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Adding New 2TB external HDD for automatic mirror for Win7pro 1TB HDD system OS

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I have just restored windows 7 Pro to a Dell Intel i7, 12GB, 1TB HDD system thanks to Acronis. Help needed for the next step.

Dell Waranty support ONLY suppled the replacement HD via useless local support. There online support was absolutely NO support. The MBR was corrupt, although there was no such message. Another program, Spotmau Power Suite, was also helpful. Microsoft Windows 7 repair also added to the receipt.

I now have a NEW 'clean-unformated' Segate 2TB external eSata drive. I would like to make this drive an external Growing [mirrored], New, OS drive to replace the internal drive when it fails. IE, this becomes a growing total immediate backup/replacement system drive with "Everything" on it.

Can Disk Director 11 do all of this? Do I need the help of other programs? Which ones?

Thnx, cactusstuf...

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Posts: 19
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#1

Larry:

I have an alternative suggestion for you to consider, from someone who has used mirrored RAID for several years. Having a mirrored disk is NOT a good backup solution. A mirrored disk will ONLY be of help if one of your disks suffers a hardware failure. Mirrored disks do NOT protect against the most common problems, which are software-induced errors like viruses, corruption, failed Windows Updates, and all other kinds of software glitches and problems. Any kind of software-induced error will be happily replicated on both disks in a mirrored array, leaving you with two corrupted disks that are identical copies of each other.

In the 7 years that I've been running mirrored disks I have not had a single hardware failure but I've had lots of software failures that required recovery steps. Software errors are much, much more common than hardware failures in my experience.

A way to protect yourself against both types of failure is to use imaging software, like Acronis True Image, to make periodic images of your disk and to store these image files on your external hard disk. An image is a file that contains enough information to restore your disk to the state that it was in at the moment that the image was created. Depending on what you have on the main disk, an image of a typical Windows system disk will produce an output file that is about half the size of the occupied space on the source disk.

You can then store multiple images taken at different times on your external disk, and even keep the external disk in a different physical location to protect your data against fire, flood, burglary, and the like. Having multiple image files will allow you to restore your main disk to a previous point in time in case you discover that a virus or other problem has gone undetected for a long period of time. Plus it's always good to have multiple copies of backups so that you aren't relying on just one backup.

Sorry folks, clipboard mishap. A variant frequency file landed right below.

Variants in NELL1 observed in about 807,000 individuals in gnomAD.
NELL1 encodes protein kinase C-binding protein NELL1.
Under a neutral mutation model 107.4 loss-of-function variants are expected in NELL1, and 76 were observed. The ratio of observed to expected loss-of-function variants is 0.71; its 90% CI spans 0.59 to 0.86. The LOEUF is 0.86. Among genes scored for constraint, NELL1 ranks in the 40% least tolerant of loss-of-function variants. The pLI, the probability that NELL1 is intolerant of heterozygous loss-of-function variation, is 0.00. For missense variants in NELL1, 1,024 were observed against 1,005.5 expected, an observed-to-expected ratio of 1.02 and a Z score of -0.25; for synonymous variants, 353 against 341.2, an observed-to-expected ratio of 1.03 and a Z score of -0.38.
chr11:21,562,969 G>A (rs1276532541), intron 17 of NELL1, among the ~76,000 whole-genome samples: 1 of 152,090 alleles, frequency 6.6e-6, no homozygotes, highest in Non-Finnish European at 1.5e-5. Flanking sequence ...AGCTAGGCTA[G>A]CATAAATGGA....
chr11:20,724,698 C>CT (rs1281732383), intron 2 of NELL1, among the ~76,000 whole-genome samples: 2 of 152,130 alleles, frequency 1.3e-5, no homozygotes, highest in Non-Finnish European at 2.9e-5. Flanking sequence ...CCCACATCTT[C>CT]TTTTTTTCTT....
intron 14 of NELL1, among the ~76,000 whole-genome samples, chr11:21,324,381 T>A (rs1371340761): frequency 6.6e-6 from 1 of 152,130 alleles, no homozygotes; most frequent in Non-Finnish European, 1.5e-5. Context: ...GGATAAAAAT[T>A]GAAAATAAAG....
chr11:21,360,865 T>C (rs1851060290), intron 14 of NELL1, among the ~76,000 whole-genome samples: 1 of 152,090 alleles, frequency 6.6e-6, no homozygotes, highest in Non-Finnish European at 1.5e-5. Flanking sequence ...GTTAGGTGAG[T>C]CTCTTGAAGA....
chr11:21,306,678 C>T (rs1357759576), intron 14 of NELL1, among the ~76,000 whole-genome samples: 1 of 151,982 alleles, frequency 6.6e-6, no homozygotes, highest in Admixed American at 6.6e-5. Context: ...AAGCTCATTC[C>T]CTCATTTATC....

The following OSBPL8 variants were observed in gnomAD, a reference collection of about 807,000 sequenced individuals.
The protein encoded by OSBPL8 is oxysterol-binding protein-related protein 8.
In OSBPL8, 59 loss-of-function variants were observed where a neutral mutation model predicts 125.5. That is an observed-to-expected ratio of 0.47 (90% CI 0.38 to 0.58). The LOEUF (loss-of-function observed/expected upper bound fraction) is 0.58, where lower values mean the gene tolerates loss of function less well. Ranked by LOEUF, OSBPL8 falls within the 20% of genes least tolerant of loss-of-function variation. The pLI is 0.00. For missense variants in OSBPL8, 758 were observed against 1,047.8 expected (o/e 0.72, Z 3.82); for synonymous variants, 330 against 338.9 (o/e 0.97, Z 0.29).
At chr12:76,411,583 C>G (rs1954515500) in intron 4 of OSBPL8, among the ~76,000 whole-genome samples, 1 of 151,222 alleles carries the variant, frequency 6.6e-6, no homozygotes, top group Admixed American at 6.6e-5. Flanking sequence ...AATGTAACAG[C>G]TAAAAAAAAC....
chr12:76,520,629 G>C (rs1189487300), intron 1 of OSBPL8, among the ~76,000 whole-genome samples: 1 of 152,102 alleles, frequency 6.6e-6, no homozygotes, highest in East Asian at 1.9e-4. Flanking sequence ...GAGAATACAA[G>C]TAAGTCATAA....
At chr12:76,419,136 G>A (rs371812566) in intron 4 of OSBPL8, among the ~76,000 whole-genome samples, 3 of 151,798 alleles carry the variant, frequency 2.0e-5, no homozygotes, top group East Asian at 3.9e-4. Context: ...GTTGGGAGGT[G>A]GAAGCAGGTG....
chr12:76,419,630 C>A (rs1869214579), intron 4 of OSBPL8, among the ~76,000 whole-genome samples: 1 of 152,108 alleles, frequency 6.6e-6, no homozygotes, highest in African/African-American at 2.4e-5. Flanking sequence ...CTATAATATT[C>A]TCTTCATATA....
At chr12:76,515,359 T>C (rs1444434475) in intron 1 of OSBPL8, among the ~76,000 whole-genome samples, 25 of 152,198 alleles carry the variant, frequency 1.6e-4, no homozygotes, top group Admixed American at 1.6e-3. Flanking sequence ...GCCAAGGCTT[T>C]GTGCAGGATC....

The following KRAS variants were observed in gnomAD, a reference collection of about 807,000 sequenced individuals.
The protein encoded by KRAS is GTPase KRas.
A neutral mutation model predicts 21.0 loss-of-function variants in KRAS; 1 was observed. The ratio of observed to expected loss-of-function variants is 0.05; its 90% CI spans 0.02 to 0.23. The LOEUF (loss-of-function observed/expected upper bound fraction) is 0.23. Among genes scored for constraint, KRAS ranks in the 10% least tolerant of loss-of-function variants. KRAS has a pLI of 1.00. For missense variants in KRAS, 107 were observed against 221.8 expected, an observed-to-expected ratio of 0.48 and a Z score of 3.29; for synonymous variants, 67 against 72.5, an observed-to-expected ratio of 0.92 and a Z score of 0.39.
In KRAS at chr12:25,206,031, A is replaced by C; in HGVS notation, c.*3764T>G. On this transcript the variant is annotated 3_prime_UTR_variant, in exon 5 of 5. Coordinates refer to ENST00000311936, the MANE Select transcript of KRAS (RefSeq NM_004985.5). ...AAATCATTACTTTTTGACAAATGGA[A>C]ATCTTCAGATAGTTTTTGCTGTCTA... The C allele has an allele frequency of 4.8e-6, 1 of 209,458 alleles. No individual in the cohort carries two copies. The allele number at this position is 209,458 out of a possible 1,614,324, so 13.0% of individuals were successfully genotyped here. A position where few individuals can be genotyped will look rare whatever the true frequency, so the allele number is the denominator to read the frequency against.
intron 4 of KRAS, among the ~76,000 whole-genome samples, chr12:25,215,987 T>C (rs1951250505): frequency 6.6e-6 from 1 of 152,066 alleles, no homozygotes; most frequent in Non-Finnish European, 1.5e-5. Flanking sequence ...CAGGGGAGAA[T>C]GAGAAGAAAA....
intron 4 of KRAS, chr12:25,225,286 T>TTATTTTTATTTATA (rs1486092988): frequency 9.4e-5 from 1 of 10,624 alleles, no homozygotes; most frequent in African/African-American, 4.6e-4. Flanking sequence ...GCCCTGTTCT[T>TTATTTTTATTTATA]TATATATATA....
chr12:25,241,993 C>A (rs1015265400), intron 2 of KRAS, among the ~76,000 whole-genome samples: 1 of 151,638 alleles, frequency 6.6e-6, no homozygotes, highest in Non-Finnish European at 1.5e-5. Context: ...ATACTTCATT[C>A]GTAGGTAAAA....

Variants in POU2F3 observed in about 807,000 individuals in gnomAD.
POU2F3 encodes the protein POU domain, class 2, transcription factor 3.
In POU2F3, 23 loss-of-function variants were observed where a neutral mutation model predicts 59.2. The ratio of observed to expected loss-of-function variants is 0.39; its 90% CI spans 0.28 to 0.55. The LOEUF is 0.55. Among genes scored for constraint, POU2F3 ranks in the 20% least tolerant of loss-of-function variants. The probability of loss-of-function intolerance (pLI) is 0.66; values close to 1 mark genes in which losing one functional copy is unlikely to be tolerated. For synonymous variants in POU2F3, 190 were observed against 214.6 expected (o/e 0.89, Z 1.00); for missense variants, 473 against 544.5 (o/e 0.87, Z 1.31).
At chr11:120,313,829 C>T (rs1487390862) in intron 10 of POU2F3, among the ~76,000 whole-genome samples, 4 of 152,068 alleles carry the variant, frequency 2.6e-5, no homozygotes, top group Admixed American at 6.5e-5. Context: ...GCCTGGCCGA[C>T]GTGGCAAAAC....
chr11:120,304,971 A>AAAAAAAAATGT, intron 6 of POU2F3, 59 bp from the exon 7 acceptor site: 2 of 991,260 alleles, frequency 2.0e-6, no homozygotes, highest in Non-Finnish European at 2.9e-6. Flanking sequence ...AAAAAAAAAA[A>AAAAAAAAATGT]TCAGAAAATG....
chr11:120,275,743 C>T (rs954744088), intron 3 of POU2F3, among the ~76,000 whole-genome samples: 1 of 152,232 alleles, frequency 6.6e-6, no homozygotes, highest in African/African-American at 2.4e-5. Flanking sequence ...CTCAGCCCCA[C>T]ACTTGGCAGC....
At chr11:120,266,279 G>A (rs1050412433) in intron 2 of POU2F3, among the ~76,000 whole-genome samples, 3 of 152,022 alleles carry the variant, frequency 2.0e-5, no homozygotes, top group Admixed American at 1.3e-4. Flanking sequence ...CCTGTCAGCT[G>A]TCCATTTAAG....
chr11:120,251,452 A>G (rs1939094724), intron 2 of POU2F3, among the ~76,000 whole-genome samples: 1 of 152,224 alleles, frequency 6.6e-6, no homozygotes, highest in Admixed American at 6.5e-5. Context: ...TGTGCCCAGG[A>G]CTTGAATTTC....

If you do have a problem someday then you just restore one of your backup images to the disk to recover. The restore process doesn't take too long - rates of a few GB/minute are common - and then you're back up and running.

I know this isn't the answer that you were looking for, but it's food for thought...

Beginner
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#2

Thanks Mark.

Your response should be posted many other places on the Web. It is the best written explaination as to how and why to do a backup. You might be suprised to know that I really was not looking for a specific answer but was looking for an approach that would be reliable. You hit it dead on.

I will go with Acronis for the hard back-up and Mozy online for offsite data storage. I alrady have Acronis Disk Director 11. Should I also get True Image Home?

Thanks for the help, Larry

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#3

Thank you for the compliment, Larry.

Disk Director 11 is for partitioning hard disks and not a backup solution. Yes, I would recommend Acronis True Image Home 2011 (TI) for your backups. Use TI to make backups of your disk or of individual partitions and use Mozy to back up your important personal files.

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#4

Hello all,

Thank you for posting and thank you for helping Mark.

Larry, let me please add something to your discussion.

Just in case, we also offer online backup services. If you are interested, we have an Online backup subscription which can be accessed either from Acronis True Image 2011 Home or from the Acronis Online Backup standalone utility.

You can check our main product overview page, download a trial version which offers 2GB of space for 30 days and take a look at the following KB articles that show a little bit more about program functionality:

 - Acronis True Image Home 2011: Online Backup

 - Acronis True Image Home Online Backup (Standalone)

 - Acronis True Image Home Online Backup (Standalone): Backing Up

 - Acronis True Image Home 2010 Online Backup (Standalone): Restoring

- Acronis Online Backup Subscription

If you need additional help, please let me know.

Thank you.